4. Firth Level of Jhana contains single factor i.e., EKAGGATA.
2nd Group of Samadhi or Jhana namely Arupa Jhana or Asamprajnata Samadhi (Absorption without Forms or Imagelessness) has following 4 levels alonog with factors:
5. Fifth Level is called “The Sphere of Infinite Space.”
6. Sixth Level is called “The Sphere of Infinite Consciousness.”
7. Seventh Level is called “The Sphere of Nothingness.”
8. Sixth Level is called “The Sphere of Neither Perception nor Non-perception.”
What is JHANA?
The Pali word Jhana is best translated as “meditative absorption state.” It is the same as the Sanskrit Dhyana, which derives from Dhayati, meaning to think or meditate. You know what an “absorption state” is — it’s when you get so involved in a TV show or video game or mystery novel that you are surprised when the phone rings and brings you back to reality. The Jhanas are eight altered states of consciousness which can arise during periods of strong concentration. The Jhanas are naturally occurring states of mind, but learning how to enter them at will and how to stay in them takes practice.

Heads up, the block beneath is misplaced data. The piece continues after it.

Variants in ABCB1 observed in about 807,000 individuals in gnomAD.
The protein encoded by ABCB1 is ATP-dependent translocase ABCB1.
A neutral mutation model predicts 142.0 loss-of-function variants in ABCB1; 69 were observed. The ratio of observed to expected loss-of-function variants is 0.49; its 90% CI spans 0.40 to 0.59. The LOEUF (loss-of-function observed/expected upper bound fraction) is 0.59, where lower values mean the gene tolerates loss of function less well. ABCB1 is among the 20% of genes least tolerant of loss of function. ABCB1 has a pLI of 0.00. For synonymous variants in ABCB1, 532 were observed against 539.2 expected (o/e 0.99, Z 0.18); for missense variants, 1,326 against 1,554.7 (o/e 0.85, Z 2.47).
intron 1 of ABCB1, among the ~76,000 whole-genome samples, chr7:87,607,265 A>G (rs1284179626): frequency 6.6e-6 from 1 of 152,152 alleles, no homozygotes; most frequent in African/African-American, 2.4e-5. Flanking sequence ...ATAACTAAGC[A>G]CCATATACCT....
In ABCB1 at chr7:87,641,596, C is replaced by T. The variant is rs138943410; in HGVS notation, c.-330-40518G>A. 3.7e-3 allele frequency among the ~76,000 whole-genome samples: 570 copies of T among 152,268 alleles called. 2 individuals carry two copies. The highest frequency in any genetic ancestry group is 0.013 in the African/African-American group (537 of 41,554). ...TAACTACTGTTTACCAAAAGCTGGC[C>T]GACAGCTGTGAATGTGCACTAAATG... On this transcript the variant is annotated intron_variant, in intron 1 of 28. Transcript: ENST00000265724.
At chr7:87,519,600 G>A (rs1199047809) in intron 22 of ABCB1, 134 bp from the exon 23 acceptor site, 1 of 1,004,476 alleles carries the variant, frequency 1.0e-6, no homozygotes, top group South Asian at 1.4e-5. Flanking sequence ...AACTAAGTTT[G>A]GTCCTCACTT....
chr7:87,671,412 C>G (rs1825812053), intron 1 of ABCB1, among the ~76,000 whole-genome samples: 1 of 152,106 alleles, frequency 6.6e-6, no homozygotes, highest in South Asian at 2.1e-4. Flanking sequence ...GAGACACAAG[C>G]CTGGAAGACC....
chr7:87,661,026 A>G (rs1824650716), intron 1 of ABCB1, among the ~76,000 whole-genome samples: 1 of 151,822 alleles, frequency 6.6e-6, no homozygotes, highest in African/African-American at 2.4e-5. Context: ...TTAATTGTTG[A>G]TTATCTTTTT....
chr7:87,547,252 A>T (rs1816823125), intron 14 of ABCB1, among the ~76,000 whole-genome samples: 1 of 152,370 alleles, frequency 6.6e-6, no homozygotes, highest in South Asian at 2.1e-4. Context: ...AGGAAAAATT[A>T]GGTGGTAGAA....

To penetrate into even the first level of Samadhi or Jhana needs the establishment of not wrong concentration, but RIGHT CONCENTRATION (SAMMA SAMADHI).
And what is Right Concentration?